Working in cooperation with the state convention and association, Ford coordinated 27 groups of student volunteers last summer. And while resort ministry is often considered a seed-planting effort, he recorded 57 decisions for Christ during the season.

— Finally, Siam Rogers coordinates NAMB’s Internet evangelism efforts. He helps develop and maintain NAMB’s evangelistic websites and monitors the activity there, while also helping coordinate efforts of other volunteer Internet evangelists across the country. He also hopes to equip churches and individuals to use the Internet evangelistically.

Indeed, Rogers has discovered that users are searching for Jesus, often at the lonely hour of 3 a.m. And with websites like NAMB’s www.thegoodnews.org available, they can find God right where they are — wherever that may be. Recently he received a response from a Pakistani Muslim who confessed his decision to follow Christ. His next question: “What should I do now?”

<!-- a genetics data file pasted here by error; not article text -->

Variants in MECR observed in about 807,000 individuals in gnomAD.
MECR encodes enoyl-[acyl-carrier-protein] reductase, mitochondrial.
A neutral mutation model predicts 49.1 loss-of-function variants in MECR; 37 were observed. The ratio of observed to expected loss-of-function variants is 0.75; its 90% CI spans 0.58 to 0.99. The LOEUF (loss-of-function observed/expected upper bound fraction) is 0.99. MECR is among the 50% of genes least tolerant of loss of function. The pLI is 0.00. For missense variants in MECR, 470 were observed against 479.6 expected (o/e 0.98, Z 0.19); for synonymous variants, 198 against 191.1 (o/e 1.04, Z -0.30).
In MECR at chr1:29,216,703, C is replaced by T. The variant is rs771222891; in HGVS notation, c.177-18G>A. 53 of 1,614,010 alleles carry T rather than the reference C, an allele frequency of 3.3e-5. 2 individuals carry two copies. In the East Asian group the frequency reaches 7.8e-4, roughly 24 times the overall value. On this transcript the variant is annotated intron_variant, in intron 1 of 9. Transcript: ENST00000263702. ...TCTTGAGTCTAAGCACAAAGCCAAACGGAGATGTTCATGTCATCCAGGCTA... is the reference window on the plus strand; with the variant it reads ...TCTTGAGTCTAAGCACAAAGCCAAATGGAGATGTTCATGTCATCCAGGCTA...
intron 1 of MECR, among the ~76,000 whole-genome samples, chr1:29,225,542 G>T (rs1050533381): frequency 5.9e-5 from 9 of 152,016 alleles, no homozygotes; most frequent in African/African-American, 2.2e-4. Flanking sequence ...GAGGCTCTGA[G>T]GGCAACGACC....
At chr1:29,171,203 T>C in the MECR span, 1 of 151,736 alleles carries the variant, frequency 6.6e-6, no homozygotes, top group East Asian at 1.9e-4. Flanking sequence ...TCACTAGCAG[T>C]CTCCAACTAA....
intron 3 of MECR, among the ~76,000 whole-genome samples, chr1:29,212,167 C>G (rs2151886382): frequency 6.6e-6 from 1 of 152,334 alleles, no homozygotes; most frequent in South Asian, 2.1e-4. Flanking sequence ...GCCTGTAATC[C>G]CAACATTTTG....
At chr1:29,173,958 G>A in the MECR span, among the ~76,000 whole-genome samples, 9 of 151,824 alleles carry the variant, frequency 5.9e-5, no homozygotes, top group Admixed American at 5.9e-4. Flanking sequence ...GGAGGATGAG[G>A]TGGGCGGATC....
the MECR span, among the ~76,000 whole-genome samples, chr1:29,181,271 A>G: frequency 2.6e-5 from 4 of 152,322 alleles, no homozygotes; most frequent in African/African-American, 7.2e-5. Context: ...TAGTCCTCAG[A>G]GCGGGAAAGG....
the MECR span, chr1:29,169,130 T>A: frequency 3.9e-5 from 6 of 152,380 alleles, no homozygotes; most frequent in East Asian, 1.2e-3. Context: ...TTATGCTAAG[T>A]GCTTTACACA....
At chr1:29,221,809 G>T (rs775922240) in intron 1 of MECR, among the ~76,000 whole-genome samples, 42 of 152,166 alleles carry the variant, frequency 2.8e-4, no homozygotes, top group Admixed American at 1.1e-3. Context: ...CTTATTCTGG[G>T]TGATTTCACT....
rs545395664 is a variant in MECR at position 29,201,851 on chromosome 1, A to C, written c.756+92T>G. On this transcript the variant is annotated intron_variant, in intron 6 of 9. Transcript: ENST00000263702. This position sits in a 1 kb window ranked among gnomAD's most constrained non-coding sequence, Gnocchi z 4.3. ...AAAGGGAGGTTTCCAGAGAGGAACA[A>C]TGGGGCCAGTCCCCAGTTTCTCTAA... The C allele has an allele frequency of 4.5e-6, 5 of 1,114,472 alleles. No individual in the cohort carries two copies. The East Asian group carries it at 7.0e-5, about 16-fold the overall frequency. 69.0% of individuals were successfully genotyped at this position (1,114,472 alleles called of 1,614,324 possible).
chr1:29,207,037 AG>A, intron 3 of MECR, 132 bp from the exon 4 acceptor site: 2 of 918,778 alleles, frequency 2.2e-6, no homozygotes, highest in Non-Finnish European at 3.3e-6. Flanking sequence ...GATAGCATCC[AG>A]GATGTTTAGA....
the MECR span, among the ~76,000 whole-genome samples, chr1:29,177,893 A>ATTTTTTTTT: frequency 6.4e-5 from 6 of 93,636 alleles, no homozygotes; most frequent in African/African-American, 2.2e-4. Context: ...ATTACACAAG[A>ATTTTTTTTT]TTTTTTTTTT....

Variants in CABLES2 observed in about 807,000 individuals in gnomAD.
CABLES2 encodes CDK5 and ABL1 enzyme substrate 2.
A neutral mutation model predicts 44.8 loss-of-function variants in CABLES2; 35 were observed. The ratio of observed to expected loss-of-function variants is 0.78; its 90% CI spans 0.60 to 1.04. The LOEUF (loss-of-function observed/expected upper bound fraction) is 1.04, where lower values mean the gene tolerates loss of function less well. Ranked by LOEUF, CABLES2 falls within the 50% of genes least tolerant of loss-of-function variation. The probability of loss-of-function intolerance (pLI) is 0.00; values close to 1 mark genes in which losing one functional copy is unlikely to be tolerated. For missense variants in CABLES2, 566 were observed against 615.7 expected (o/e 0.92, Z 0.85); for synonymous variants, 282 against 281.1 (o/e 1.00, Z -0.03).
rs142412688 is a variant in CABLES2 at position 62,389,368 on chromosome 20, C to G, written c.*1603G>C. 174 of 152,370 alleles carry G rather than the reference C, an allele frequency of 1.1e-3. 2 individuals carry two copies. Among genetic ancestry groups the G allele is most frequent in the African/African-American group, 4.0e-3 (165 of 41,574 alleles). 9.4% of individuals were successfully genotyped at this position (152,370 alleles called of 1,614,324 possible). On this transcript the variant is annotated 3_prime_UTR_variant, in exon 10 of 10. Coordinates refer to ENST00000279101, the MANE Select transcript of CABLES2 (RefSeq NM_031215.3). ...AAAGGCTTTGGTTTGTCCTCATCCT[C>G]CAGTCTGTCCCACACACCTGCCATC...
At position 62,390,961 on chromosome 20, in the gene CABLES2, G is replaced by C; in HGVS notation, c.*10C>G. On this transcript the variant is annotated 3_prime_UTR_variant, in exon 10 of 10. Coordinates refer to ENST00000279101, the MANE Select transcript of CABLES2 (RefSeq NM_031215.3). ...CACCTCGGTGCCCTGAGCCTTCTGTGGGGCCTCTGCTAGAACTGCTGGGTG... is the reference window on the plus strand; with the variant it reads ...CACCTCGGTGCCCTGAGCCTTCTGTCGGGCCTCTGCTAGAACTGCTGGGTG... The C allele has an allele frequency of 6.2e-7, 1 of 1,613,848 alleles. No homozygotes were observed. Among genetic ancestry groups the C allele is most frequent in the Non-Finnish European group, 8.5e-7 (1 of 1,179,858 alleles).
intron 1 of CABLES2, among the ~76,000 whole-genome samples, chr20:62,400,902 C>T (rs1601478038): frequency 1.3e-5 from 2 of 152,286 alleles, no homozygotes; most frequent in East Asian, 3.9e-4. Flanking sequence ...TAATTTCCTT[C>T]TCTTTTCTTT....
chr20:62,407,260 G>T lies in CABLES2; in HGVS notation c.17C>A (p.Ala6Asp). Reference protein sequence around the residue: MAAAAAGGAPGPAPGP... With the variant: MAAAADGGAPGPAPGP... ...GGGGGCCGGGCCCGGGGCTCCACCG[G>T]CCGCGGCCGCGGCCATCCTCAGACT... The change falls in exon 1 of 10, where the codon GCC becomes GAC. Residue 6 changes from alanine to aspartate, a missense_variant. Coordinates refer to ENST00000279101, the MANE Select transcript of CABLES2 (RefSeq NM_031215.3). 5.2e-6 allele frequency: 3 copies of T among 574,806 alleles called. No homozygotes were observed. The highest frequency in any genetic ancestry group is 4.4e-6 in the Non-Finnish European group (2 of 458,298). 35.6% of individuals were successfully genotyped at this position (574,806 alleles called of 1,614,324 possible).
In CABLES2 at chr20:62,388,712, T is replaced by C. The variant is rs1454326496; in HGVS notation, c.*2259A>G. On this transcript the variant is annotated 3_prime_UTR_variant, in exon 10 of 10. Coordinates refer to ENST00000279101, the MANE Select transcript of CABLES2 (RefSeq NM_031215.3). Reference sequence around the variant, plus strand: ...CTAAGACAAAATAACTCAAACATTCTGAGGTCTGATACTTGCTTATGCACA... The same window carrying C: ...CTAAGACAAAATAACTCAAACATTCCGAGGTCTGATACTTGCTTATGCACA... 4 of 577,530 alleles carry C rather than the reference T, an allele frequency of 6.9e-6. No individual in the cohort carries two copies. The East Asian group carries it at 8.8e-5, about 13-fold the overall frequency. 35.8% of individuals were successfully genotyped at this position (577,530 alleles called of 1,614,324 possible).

All missionary personnel must meet certain qualifications to be approved for service, but for any Christian who desires to serve, there are avenues and places to jump in, no matter their background and past experience. For now, the demand for new missionaries overwhelms the supply.

Although key strategies implemented by NAMB — evangelism, church planting and mobilizing lay Christians — prioritize the efforts, Jesus Christ himself addressed the pivotal issue that will likely determine success or failure of the task at hand.

In his timeless charge to his disciples, Jesus said: “The harvest is plentiful, but the workers are few. Ask the Lord of the harvest, therefore, to send out workers into his harvest field” (Matthew 9:37).
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Adapted with permission from On Mission magazine, www.onmission.com. (BP) photos posted in the BP Photo Library at http://www.bpnews.net. Photo titles: COMMUNITY MISSIONARY and YOUTH IN VIEW.